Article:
Join Kevin Brookhouser for an in-depth discussion in this video Solve the two types of problems, part of Teaching Future-Ready Students.
- In this video, I'm going to introduce the difference between algorithmic and wicked problems, and suggest why we need students who can solve both. We all want kids today to grow into people who can make the world a better place. But what a challenge we're handing them. We've created problems on a truly massive level, spanning the globe and lasting for generations. Climate change, international conflict, massive inequality, and much more. We educators are here to help our students deal with this insanity.
But not because we know how to make the world a better place. The issues we face in an interconnected society are too big and too complicated. We don't have all the answers. What we do have is a confidence that solutions exists. And the knowledge that we can create a new generation of people capable of solving what our own generation hasn't yet managed. We just need to help them practice radically new, world-changing ways of thinking about problems.
This process starts by recognizing that problems come in two categories. Solved and unsolved. You experts on rhetoric will recognize these as algorithmic and heuristic problems. Most educational systems are built around the algorithmic category. We show kids ways to solve problems that someone else has already figured out. Then we make them show us that they've learned the right formulas and can apply them.
Here are just a few examples. In math, we teach students how to use the Pythagorean Theorem to find the hypotenuse of a triangle. That's algorithmic learning. In grammar, we have structures of language such as punctuation and spelling. The more students can master these grammatical algorithms, the better they can communicate. In physics, we teach that force is the product of mass times acceleration. Total algorithm. Even history has algorithms.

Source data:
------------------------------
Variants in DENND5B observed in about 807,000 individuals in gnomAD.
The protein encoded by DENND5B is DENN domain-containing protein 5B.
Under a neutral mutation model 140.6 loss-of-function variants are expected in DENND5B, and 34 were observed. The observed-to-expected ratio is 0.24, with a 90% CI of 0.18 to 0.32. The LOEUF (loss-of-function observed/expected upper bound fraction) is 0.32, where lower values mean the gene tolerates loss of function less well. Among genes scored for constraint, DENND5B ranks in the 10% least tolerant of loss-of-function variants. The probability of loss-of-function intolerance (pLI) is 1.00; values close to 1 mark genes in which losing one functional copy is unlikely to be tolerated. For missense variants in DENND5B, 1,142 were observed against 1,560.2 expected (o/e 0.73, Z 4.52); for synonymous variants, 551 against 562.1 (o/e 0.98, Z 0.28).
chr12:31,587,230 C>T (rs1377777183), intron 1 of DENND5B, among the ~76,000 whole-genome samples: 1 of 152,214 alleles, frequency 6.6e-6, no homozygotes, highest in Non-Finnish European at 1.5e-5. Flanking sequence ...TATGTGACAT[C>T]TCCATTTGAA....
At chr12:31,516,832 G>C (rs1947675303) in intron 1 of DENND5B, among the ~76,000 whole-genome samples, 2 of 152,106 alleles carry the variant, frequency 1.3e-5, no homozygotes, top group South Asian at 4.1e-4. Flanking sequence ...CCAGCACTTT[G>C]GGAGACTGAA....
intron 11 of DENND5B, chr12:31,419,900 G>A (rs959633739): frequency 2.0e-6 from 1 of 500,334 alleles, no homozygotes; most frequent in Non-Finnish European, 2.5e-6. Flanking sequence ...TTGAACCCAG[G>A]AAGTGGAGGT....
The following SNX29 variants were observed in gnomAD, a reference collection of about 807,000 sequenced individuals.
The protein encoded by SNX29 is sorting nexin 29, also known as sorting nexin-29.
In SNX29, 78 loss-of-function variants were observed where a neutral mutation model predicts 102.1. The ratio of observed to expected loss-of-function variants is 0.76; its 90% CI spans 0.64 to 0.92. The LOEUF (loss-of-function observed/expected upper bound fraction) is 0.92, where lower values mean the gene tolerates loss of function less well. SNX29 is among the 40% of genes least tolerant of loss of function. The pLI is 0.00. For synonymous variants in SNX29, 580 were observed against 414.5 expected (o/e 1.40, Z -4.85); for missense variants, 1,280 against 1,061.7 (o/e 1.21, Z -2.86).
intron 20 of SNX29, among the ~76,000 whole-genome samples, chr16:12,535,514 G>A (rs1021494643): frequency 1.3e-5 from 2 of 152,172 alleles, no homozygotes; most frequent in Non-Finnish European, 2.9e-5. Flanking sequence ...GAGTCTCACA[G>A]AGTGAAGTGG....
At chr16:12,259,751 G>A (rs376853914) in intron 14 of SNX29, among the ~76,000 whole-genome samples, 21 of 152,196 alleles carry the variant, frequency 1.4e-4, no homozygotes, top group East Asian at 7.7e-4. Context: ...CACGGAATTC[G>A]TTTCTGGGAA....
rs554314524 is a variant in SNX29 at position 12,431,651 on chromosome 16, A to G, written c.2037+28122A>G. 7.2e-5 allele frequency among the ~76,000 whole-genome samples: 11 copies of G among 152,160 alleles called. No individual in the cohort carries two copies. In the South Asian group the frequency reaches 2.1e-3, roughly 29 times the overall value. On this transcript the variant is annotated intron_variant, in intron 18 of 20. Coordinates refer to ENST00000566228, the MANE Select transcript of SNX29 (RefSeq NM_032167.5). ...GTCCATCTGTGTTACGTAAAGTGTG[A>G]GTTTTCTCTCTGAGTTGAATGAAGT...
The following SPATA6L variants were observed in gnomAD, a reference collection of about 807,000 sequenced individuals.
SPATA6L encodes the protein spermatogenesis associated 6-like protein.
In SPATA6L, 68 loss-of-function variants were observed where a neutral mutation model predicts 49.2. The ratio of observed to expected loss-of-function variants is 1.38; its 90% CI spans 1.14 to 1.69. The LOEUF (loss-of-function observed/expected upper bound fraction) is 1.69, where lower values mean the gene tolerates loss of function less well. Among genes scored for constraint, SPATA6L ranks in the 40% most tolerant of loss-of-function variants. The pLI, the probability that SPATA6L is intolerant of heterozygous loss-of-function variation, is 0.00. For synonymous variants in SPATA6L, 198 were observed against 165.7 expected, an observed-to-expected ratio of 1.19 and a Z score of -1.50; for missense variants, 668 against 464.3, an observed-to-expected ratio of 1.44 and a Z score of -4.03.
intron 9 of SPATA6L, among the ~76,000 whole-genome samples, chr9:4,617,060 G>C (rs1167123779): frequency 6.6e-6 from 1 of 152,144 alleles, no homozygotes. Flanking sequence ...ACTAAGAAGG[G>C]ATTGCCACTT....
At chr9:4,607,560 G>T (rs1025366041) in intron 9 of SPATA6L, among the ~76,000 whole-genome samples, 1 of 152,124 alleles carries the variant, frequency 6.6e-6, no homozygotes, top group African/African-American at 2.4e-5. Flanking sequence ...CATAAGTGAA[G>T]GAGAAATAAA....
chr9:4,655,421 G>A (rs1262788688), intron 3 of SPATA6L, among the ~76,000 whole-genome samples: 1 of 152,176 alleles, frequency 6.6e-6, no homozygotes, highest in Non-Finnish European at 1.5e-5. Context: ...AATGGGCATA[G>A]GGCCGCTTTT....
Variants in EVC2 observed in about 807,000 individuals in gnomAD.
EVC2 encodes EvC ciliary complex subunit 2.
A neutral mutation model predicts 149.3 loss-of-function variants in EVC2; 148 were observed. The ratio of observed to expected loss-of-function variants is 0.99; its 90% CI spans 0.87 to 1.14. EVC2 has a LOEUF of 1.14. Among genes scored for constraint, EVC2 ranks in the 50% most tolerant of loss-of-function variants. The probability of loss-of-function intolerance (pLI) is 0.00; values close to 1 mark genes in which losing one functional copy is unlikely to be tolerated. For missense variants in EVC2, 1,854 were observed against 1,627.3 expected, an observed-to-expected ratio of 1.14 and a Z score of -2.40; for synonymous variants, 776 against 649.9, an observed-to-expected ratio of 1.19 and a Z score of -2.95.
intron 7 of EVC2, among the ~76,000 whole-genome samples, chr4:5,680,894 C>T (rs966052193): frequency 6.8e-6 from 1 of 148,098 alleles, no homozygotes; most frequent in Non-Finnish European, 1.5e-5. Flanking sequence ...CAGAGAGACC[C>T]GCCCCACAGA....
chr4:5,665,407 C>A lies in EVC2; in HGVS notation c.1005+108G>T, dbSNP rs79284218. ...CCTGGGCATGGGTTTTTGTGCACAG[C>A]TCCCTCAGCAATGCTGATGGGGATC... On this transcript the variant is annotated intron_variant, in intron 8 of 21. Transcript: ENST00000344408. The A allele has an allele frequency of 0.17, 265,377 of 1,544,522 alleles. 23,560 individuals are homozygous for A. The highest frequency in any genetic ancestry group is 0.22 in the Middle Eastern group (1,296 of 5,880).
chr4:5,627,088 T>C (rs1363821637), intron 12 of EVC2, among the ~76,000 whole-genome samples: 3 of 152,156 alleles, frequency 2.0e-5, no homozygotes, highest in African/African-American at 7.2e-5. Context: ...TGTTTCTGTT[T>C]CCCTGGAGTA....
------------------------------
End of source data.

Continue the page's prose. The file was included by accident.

The balance of power formula explains how when any one group appears to gain too much power, the other groups team up to counter it. This formula helps students better understand strategies for predicting and coping with political and economic change. Let me be clear. This teaching approach is not something to throw out. Passing algorithmic knowledge from one generation to the next is essential for any culture to survive. But school today needs to be about more than teaching students to solve formulas.
We need them to create formulas. We need them to solve heuristic problems that haven't yet been solved. In other words, we need wicked problem solvers. That is, people who are courageous, willing to take risks and keep going when they fail. Adaptable. Constantly learning and growing, and passionate. True passion comes from a sense of purpose, and that's what drives innovation.
- Understanding the new literacies
- Motivating problem solvers
- Inspiring divergent thinking with Limbo
- Bringing 20time into the classroom
- Guiding creative learners
- Finding the right mentor for entrepreneurial kids
- Making elevator pitches
- Grading entrepreneurial projects
- Telling stories through video
- Creating screencast video
- Capturing video with a smartphone
- Editing videos on YouTube
- Teaching code
- Designing apps
- Incorporating coding activities in the classroom